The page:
Too often, today's managers are sold simple solutions to complex problems. But as many soon discover, simplicity is rarely effective in the face of complexity, change and diversity. Despite apparent promise, quick-fix panaceas fail because they are not holistic or creative enough. They focus on parts of the organization rather than the whole, take little account of interaction, and pander to the notion that there is one best solution in all circumstances. As instances of such failure escalate, intelligent managers are increasingly seeking to improve results through Systems Thinking. Whatever stage you are at in your study of Systems Thinking, this book will help. If you are new to the field then it will serve as a solid introduction.If you are familiar with a few concepts but not with how they can be linked and used by managers, then it will give you a greater understanding of how holistic ideas developed and how to use them in practice. And if you are expert in some approaches but not in others, then it will expand your knowledge and provide you with more choice.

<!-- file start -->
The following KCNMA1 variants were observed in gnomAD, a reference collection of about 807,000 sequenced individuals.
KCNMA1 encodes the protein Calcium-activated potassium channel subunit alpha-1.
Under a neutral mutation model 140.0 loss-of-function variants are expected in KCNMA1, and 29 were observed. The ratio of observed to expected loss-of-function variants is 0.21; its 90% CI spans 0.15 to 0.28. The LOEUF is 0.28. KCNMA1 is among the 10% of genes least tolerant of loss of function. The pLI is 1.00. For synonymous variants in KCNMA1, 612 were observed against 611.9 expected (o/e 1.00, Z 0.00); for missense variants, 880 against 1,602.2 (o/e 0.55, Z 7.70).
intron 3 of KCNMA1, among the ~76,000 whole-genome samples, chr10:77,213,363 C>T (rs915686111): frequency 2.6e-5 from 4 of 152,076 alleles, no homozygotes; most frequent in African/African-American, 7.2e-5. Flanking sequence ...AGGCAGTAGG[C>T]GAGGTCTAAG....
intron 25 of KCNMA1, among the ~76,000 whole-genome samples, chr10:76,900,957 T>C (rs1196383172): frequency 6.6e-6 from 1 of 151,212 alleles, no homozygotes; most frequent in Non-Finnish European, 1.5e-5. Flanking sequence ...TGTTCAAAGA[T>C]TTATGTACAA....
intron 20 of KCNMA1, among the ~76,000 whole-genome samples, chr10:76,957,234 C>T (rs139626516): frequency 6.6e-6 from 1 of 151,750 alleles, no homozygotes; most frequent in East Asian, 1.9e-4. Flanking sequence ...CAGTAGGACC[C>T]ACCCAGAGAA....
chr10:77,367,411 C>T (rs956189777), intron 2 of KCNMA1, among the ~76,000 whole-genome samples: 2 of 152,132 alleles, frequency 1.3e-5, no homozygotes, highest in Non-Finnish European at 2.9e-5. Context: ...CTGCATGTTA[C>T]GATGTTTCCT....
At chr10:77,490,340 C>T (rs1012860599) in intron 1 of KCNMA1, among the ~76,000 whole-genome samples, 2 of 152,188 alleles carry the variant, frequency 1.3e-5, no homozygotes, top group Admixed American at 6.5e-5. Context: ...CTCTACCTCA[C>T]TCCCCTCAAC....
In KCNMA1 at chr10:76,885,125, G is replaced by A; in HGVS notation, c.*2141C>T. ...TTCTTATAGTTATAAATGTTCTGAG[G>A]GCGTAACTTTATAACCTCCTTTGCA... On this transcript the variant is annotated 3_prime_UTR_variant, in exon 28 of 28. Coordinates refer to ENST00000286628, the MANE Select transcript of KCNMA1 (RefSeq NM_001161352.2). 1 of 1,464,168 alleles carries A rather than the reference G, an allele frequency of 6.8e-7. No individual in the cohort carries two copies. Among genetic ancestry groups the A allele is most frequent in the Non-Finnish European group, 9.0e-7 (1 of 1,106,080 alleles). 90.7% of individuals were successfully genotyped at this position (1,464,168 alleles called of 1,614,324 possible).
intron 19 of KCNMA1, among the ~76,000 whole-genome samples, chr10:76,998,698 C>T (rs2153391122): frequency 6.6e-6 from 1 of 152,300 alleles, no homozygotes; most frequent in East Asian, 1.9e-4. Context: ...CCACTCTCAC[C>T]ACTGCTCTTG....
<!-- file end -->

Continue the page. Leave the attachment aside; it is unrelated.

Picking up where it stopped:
In all cases you will achieve competency in creative holism, emerge better equipped to solve complex problems, and ultimately become a more effective Systems Thinking manager.'It's neat, easy to read and easy to absorb...It is a boon to students and executives alike..' - J P. von Gigch in Systems research and Behavioural Science. '...excellent summary of the latest research findings and ...very clear explanations and accessibility'. 'No other recent book in the systems field aims for such an accessible and at the same time rigorous interpretation of the major developments of systems theory' - D. Petkov in "Journal of the Operational Research Society". 'As far as I can tell there is no other book that includes all the major developments in systems thinking over the last fifty years' - Misha Hebel ("Amazon Review").